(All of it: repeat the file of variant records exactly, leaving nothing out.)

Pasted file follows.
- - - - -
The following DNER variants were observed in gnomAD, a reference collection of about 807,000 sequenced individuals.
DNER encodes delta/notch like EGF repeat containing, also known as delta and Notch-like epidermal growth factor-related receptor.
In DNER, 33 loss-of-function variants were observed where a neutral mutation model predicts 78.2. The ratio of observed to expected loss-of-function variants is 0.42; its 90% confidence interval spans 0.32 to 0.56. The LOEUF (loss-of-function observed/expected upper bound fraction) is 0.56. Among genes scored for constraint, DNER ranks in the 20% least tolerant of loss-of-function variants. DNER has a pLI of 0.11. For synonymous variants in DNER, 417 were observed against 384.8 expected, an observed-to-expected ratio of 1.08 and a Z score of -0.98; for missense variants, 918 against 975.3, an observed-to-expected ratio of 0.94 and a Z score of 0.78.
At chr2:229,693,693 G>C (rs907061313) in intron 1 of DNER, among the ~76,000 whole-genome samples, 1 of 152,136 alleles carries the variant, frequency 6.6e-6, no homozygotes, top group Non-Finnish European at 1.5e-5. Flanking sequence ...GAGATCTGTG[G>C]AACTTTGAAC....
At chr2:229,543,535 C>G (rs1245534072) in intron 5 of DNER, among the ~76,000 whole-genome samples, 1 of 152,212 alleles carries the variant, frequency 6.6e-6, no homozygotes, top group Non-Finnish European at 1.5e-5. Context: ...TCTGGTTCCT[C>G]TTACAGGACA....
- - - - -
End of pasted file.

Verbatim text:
The following DNER variants were observed in gnomAD, a reference collection of about 807,000 sequenced individuals.
DNER encodes delta/notch like EGF repeat containing, also known as delta and Notch-like epidermal growth factor-related receptor.
In DNER, 33 loss-of-function variants were observed where a neutral mutation model predicts 78.2. The ratio of observed to expected loss-of-function variants is 0.42; its 90% confidence interval spans 0.32 to 0.56. The LOEUF (loss-of-function observed/expected upper bound fraction) is 0.56. Among genes scored for constraint, DNER ranks in the 20% least tolerant of loss-of-function variants. DNER has a pLI of 0.11. For synonymous variants in DNER, 417 were observed against 384.8 expected, an observed-to-expected ratio of 1.08 and a Z score of -0.98; for missense variants, 918 against 975.3, an observed-to-expected ratio of 0.94 and a Z score of 0.78.
At chr2:229,693,693 G>C (rs907061313) in intron 1 of DNER, among the ~76,000 whole-genome samples, 1 of 152,136 alleles carries the variant, frequency 6.6e-6, no homozygotes, top group Non-Finnish European at 1.5e-5. Flanking sequence ...GAGATCTGTG[G>C]AACTTTGAAC....
At chr2:229,543,535 C>G (rs1245534072) in intron 5 of DNER, among the ~76,000 whole-genome samples, 1 of 152,212 alleles carries the variant, frequency 6.6e-6, no homozygotes, top group Non-Finnish European at 1.5e-5. Context: ...TCTGGTTCCT[C>G]TTACAGGACA....